The relatively less well studied encodes the E type
The relatively less well-studied encodes the E2 type SUMO-conjugating enzyme. In plants, the SCE family members play roles in abiotic stress responses. An E2 enzyme, SaSce9, from plays roles in salinity and drought stress responses (). Furthermore, SCE can respond to heat stress in rice (). However, the role of in drought stress response in rice has not yet been reported. We previously observed upregulation of an gene transcript in rice during drought stress, simulated by polyethylene glycol 6000 (PEG6000) treatment. Therefore, in this study, we performed the isolation and functional validation of the gene to better understand its role in the drought stress response in rice.
MATERIALS AND METHODS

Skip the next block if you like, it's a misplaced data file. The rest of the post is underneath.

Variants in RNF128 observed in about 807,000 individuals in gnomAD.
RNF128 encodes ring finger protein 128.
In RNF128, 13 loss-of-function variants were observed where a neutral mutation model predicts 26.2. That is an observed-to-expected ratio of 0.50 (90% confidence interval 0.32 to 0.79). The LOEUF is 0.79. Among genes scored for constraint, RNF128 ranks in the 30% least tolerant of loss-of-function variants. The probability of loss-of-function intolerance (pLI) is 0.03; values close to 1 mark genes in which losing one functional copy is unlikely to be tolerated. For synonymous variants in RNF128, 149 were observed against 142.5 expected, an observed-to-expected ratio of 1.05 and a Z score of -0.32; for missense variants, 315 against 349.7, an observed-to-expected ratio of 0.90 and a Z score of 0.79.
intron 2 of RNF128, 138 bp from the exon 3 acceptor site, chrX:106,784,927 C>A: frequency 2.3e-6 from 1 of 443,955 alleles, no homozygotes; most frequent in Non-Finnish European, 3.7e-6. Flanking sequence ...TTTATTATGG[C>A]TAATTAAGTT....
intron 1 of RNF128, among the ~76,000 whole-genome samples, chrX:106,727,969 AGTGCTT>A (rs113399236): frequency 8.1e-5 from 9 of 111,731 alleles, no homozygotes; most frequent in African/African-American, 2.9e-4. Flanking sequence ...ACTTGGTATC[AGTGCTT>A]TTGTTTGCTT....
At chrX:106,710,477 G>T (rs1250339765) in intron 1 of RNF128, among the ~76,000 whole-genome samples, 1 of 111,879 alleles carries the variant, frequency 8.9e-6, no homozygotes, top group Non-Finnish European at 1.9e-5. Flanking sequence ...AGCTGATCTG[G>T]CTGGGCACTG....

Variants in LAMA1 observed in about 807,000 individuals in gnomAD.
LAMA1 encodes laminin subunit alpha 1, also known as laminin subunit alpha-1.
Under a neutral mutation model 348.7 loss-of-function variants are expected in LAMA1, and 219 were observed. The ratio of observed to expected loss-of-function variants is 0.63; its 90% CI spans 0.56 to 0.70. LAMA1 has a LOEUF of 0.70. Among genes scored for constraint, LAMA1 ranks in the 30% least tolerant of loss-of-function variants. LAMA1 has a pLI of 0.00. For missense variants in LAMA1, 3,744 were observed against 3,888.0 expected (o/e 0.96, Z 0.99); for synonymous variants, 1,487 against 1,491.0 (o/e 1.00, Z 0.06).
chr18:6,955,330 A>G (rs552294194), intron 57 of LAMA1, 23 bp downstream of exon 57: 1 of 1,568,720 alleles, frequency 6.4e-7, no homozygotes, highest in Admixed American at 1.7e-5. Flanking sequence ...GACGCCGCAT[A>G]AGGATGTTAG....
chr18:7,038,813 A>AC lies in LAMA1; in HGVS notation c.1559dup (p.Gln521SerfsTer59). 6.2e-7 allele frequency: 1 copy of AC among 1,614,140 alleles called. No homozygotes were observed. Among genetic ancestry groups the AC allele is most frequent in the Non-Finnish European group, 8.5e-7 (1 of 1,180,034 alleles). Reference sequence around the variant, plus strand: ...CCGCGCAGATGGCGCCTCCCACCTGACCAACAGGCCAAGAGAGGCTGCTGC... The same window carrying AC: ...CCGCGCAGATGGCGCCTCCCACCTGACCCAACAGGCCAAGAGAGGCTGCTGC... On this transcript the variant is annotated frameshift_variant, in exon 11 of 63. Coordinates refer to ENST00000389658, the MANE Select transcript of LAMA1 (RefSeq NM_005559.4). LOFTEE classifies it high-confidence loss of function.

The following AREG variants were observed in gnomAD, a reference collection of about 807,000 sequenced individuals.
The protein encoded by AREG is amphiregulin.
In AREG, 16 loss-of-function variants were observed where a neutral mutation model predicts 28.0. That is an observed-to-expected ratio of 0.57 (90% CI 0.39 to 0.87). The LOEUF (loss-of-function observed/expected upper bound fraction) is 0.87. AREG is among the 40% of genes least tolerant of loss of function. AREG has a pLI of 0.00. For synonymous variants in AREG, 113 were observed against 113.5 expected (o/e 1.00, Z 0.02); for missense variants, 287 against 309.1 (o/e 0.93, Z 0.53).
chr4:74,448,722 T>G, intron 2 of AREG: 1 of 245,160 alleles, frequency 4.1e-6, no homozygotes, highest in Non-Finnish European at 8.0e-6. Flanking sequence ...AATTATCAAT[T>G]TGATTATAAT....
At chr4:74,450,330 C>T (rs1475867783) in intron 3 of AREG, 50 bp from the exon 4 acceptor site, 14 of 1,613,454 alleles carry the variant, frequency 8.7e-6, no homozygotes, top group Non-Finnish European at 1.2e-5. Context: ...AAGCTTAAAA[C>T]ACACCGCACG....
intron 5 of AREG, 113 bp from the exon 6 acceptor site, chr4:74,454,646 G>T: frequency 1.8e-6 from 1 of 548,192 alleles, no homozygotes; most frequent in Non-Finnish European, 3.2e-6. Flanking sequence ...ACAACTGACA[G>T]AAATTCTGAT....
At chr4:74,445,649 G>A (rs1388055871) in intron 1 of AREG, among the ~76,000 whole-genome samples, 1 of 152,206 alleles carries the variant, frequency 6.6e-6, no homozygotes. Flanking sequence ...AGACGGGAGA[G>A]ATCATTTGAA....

DISCUSSION SUMOylation mediates covalent attachment of SUMO to target Cy5 maleimide (non-sulfonated) and involves the sequential activities of three key enzymes, E1, E2 and E3, which are SUMO-specific (Park et al., 2011, Castro et al., 2016). The SUMOylation process influences the response of plants against environmental stress including both abiotic stress and biotic stress, such as drought (Catala et al., 2007, Karan and Subudhi, 2012, Miura et al., 2013, Zhang et al., 2013), salt (Karan and Subudhi, 2012, Tomanov et al., 2014), heat (Nigam et al, 2008), low temperature (Miura et al, 2007b), phosphate deficiency (Miura et al, 2005) and pathogen infection (Lee et al., 2006, Xiong and Wang, 2013). SUMOylation involves a three-step enzyme pathway for the attachment of SUMO to its target proteins (Park et al, 2011). The first step is the activation of mature SUMO by a SUMO-specific E1 activating enzyme, which promotes C-terminal binding of SUMO to AMP (SUMO-AMP) in an ATP-dependent reaction. The second step is SUMO conjugation, catalyzed by an E2-conjugating enzyme (SCE1), wherein the activated SUMO is transferred to the cysteine residue of the E2 enzyme by transesterification. In the third step, E2s are subsequently capable of transferring SUMO to a target protein. However, this step can be mediated by SUMO E3 ligases, which greatly enhance the SUMOylation process and promote specificity (Park et al., 2011, Castro et al., 2012, 2016). In this study, a SUMO conjugating enzyme gene OsSCE1 from Nipponbare was isolated to validate its function in relation to the drought stress response in rice. Analysis of the protein sequence derived from the isolated OsSCE1 gene revealed the presence of a highly structural homology with SCE orthologs from other monocots and a dicot (Fig. 1-A). A high degree of similarity was also observed between the SaSce9 gene isolated from grass halophyte (S. alterniflora) and SCE-encoding genes of other monocots, dicots, yeast and amoeba (Karan and Subudhi, 2012). The similarity in SCE-encoding gene expression suggests a functional conserved role for SCE1 across eukaryotes. We also observed ubiquitin conjugating enzyme-like (UBC) domain, a common characteristic of UBC family members, in OsSCE1 protein (Fig. 1-A). This observation was previously reported by Nigam et al (2008) and Chaikam and Karlson (2010). Nigam et al (2008) investigated two SCE-encoding genes, designated OsSCE1 and OsSCE2, based on annotated rice genome entries LOC_Os10g39120 and LOC_Os03g03130, respectively. Moreover, three OsSCE1 genes namely OsSCE1a, OsSCE1b and OsSCE1c from the Rice Annotation Project Database (RAP-DB) were investigated by Chaikam and Karlson (2010). The UBC domain is identified, spanning from 8 to 158 amino acid residues in the SCE1 proteins. Expression of the OsSCE1 gene in WT rice plants under normal condition was detected at relatively high levels in certain tissues (root, leaf blade, leaf sheath and flag leaf), in comparison to expressions in the stem and panicle, which were somewhat lower (Fig. 2-A). Chaikam and Karlson (2010) reported similar expression patterns of OsSCE1a, OsSCE1b and OsSCE1c in root and leaf tissues. In addition, expression of OsSCE1 genes was found to be tissue specific, and the highest expression levels were observed in milk seeds (Chaikam and Karlson, 2010). The presence of the OsSCE1 transcript in all the tested tissues may indicate diverse functions for OsSCE1 in different tissues and stages of rice development.